edit on 8/12/2018 by mirageman because: clarification



posted on Dec, 8 2018 @ 08:08 AM
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Good info, Brit! Thanks for posting.

I'm not sure what her experiments prove except that we can't take the "alien abduction" thing at face value.

I doubt that it's as prominent as the estimates. I doubt it's happening as it's portrayed, actually. I think most UFO's (that can't be otherwise explained) are government black tech, and I suspect that the abduction thing was planted in society's mind for some reason.

Meh.



posted on Dec, 8 2018 @ 10:06 AM
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Can I be considered an abductee if I was born without my permission and forced to live in a world I don't belong in?



posted on Dec, 8 2018 @ 01:43 PM
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a reply to: ConfusedBrit



A couple of those drawings look exactly like the "entities" that '___' users describe and depict.

I'm on the fence about it all but it does make you wonder.



posted on Dec, 9 2018 @ 12:52 PM
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originally posted by: KansasGirl
Good info, Brit! Thanks for posting.

I'm not sure what her experiments prove except that we can't take the "alien abduction" thing at face value.



The effect of televisual imagery seems to be her driving force (presumably cinema, too, whether at the theater or on TV) in dismantling the 3.7 million estimate and the original Poll's underlying 'indicators'. In other words, people (including young children who have zero knowledge of the abduction phenomenon), who do not claim to have been abducted do imagine the same alien imagery whilst also having experienced even more indicators than the subjects of Hopkins et al.

I'd assume that the UK kids who drew a standard Gray were in the eldest range with greater cultural knowledge, but if they were younger and had NOT been exposed to our TV/film/book alien imagery, then that would be an interesting factor. But we don't know those details, so it's a shame Blackmore didn't dig deeper in that respect.

Another interesting point is the potential unconscious mental use of popular alien archetypes within a GENUINE (if feasible) alien abduction in order to visualise the unimaginable. In that sense, we're heading into Jung territory and the like.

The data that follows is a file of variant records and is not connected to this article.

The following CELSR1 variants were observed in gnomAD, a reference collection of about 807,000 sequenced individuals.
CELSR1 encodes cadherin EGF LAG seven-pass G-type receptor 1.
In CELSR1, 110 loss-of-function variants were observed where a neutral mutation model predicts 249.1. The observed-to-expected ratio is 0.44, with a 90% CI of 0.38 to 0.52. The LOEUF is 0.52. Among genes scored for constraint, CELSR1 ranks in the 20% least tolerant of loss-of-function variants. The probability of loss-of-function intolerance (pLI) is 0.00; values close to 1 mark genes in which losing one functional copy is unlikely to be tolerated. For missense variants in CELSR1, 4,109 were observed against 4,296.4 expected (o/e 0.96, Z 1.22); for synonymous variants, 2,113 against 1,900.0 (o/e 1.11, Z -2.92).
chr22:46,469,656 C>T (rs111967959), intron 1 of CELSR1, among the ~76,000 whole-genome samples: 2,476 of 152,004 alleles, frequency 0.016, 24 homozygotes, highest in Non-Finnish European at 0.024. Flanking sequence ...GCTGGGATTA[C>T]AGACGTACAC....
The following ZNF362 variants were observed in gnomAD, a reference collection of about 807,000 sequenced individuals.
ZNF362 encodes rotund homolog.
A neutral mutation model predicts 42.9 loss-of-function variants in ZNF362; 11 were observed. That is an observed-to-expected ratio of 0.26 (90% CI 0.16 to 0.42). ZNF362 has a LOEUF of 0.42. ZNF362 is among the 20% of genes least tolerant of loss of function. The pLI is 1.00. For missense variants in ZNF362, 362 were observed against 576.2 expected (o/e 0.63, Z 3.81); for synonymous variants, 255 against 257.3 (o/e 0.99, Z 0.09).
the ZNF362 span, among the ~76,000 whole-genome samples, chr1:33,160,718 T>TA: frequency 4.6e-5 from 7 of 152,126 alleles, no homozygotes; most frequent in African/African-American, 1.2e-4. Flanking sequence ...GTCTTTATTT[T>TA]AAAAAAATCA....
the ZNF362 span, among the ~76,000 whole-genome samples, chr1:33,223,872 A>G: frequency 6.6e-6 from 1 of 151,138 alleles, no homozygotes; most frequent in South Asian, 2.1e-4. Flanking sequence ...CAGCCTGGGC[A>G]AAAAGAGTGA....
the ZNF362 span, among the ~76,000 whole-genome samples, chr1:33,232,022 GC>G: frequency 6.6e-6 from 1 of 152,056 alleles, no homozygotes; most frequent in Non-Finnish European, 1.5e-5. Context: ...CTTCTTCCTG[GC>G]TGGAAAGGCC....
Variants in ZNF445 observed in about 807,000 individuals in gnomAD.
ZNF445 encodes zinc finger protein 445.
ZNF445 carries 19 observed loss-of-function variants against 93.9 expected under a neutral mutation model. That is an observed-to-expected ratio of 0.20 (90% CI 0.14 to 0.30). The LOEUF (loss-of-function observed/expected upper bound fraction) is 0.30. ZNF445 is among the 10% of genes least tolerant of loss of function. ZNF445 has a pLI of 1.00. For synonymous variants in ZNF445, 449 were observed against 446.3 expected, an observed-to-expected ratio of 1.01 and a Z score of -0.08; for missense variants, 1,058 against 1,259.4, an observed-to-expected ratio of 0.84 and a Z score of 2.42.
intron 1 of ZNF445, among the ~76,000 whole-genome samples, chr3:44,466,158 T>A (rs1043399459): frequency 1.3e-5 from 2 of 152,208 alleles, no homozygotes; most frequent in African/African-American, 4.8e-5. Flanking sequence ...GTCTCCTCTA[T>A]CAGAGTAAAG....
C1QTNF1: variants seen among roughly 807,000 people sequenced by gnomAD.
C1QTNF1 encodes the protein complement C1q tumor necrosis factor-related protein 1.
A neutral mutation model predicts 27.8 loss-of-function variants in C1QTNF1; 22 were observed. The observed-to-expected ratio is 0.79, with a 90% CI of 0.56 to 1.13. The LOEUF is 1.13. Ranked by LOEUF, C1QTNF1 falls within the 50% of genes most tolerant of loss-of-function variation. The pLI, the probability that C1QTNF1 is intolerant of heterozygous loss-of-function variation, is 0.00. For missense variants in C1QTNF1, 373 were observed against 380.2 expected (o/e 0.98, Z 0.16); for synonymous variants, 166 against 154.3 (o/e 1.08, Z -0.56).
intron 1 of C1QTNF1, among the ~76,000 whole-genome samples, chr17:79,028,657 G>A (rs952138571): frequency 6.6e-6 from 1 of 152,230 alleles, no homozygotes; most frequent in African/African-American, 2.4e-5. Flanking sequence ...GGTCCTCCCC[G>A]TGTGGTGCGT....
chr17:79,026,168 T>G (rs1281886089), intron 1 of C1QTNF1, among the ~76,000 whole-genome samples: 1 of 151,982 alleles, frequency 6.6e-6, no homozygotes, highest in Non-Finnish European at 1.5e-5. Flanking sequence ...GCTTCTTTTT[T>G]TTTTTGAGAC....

posted on Dec, 9 2018 @ 12:54 PM
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originally posted by: BrianFlanders
Can I be considered an abductee if I was born without my permission and forced to live in a world I don't belong in?


HaHa. Well, that sounds entirely logical in one sense!

Not sure "extraterrestrial" factors are your driving point, though.



posted on Dec, 9 2018 @ 01:13 PM
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originally posted by: mirageman
Interesting, if ultimately frustrating, attempt at trying to work out what is behind the abduction phenomenon.

It correlates watching TV with an explanation for people seeing "grey" aliens. However which TV programmes show 'gray' aliens? The two most globally popular sci-fi shows "Dr. Who" and "Star Trek "certainly don't feature aliens of that ilk very often (if at all). You can also watch a lot of TV and just watch all the soaps, quiz and reality type shows and never be exposed to suggestions that aliens are little grey guys who can breathe our atmosphere and have a penchant for remaining unclothed. Watch the movies "E.T" or "Close Encounters" or the TV shows like "Taken" though and little else and you have skewed the data.


Good points, MM.

I'm trying to think of the earliest "Gray"-like depiction in TV/cinema. Prolific 50s Sci-Fi cinema kicked off with great yarns such as 'The Day The Earth Stood Still' and 'The Thing From Another World' (both 1951), but I can't detect small gray aliens anywhere in the entire decade, let alone the 60s when TV shows such as 'The Outer Limits' and 'The Twilight Zone' flew the alien flag.

'Close Encounters Of The Third Kind' (1977) seems the earliest. Interestingly, legend says that the events were inspired by an alleged landing and contact at Holloman Airforce Base in 1971, which is all very well except that the aliens at Holloman were depicted as tall humanoids with big noses and Egyptian-style clothing!